When I see extremely flat and smooth high resolution full bandwidth room curves it is an indication that some things were done that probably should not have been done. :)

I have one of those all-singing-dancing-highly-advertised-elaborately-mathematical processors. It took manual intervention to restore the inherent excellence of my neutral loudspeakers after "room EQ". This is a work in progress. One definitely needs mathematics and DSP skills, but one also needs the acoustical and psychoacoustic knowledge to provide the necessary guidance and discipline. In some of the systems it is evident that the latter elements are deficient. The profit motive is obvious though. Note that most of the room EQ algorithms come from companies that do not make loudspeakers.
 
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watchnerd

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It's a lot more work than buying another toy but can't wait to start now to do something that will truly improve my listening....

+1 to this.

So much money people waste on things that don't actually move the sonic needle much, if at all, compared to dealing with having better room / speaker interactions and using better recordings.
 

watchnerd

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ove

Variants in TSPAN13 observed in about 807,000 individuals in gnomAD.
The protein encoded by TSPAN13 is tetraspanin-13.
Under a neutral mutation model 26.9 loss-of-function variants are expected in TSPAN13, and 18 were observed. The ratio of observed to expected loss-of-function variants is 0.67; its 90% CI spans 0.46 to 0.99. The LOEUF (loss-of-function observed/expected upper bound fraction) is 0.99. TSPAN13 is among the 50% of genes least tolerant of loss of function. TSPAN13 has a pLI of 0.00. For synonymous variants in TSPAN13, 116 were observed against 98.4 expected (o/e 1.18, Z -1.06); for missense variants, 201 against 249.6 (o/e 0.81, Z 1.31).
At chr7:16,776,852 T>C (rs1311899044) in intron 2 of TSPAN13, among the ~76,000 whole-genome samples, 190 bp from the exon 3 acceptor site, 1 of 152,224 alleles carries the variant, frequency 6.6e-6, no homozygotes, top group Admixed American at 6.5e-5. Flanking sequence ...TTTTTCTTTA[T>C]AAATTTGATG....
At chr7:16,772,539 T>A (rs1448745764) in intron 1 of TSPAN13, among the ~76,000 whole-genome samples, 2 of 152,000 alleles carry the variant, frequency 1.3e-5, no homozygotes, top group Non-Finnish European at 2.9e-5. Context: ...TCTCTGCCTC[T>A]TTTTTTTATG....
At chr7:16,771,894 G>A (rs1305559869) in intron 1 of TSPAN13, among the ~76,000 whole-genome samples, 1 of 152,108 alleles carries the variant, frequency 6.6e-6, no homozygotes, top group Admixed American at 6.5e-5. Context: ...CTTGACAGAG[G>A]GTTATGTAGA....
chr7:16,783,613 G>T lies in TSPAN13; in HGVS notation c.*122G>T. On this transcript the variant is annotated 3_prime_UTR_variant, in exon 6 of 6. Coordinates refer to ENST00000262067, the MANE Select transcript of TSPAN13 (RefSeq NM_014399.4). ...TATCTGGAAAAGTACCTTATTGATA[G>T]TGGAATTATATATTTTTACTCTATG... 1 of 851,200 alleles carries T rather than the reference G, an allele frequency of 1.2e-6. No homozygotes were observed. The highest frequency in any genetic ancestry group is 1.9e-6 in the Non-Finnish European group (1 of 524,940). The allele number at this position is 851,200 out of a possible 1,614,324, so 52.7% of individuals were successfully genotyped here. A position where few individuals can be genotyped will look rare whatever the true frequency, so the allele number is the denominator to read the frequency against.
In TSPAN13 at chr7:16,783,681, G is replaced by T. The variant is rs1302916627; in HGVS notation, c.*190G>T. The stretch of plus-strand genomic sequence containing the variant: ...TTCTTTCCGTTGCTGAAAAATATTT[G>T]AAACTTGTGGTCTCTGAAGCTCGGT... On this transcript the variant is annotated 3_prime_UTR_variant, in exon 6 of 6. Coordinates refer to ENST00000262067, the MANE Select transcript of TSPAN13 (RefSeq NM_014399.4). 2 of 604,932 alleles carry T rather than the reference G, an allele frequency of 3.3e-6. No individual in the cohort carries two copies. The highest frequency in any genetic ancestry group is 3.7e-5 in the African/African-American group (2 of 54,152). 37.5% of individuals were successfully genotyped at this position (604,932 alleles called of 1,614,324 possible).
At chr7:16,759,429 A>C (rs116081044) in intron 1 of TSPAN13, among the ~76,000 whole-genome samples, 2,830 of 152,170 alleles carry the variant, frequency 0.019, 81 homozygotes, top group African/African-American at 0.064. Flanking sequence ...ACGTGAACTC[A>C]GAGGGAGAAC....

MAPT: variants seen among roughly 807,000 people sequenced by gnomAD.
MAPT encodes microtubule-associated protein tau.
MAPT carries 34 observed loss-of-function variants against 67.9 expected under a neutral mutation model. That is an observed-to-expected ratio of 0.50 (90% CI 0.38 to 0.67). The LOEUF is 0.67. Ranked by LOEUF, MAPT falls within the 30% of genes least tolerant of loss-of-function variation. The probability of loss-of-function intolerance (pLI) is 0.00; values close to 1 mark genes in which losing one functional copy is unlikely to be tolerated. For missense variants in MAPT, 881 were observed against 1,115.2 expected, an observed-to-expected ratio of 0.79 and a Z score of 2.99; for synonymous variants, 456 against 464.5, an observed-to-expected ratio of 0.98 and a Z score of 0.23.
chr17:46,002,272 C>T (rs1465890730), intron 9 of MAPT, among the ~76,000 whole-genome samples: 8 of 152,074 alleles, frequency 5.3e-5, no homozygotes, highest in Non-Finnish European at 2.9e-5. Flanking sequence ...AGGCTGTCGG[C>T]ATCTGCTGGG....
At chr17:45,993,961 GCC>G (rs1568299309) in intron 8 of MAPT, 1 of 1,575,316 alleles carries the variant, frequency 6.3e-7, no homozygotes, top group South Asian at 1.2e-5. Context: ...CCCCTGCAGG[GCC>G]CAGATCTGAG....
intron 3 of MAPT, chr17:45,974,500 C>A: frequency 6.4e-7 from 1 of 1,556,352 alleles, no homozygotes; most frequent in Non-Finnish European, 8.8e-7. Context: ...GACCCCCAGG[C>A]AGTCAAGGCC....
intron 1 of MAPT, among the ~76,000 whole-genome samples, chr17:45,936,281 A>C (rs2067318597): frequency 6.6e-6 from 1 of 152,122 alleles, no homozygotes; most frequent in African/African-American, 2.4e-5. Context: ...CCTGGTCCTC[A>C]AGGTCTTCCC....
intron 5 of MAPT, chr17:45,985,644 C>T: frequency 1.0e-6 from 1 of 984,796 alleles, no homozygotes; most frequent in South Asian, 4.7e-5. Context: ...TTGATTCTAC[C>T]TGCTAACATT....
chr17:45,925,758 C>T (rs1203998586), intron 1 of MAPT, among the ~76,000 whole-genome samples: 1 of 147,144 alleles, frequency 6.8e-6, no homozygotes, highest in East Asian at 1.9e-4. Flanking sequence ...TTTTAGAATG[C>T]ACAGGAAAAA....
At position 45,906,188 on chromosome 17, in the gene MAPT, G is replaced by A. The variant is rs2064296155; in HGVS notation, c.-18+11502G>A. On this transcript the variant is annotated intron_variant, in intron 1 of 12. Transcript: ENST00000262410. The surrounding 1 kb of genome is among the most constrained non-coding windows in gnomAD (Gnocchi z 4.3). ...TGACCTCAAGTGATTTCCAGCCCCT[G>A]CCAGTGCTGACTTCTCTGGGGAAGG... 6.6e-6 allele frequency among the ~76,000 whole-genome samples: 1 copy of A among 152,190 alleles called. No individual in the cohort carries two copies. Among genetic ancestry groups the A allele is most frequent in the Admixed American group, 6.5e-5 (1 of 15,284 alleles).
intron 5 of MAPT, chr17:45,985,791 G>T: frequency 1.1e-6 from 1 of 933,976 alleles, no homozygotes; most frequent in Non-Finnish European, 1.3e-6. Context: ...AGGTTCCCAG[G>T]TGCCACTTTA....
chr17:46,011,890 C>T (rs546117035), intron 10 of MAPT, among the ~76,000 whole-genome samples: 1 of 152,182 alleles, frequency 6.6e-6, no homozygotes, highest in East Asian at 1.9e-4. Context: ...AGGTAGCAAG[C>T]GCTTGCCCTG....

When I see extremely flat and smooth high resolution full bandwidth room curves it is an indication that some things were done that probably should not have been done. :)

This seems to be a common internet phenomenon.....people going full EQ overkill even above 500Hz to hammer everything super flat, then sharing the graph online, getting praised for it, others copying it, etc.
 

DDF

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I have one of those all-singing-dancing-highly-advertised-elaborately-mathematical processors. It took manual intervention to restore the inherent excellence of my neutral loudspeakers after "room EQ". This is a work in progress.

I've read most of the literature on audibility of reflections. I think there is a great deal of promise in a constrained system that only corrects floor bounce, and only in the modal region. It would correct a main source of colouration without needing to try and (futility) dump power into the floor notch hole. I'd then like to see it extended to the wall behind the speaker, see what what it does and then at a stretch ("stretch" because direction is beginning to veer from the loudspeaker incidence), ceiling bounce. Again, all constrained to the modal region.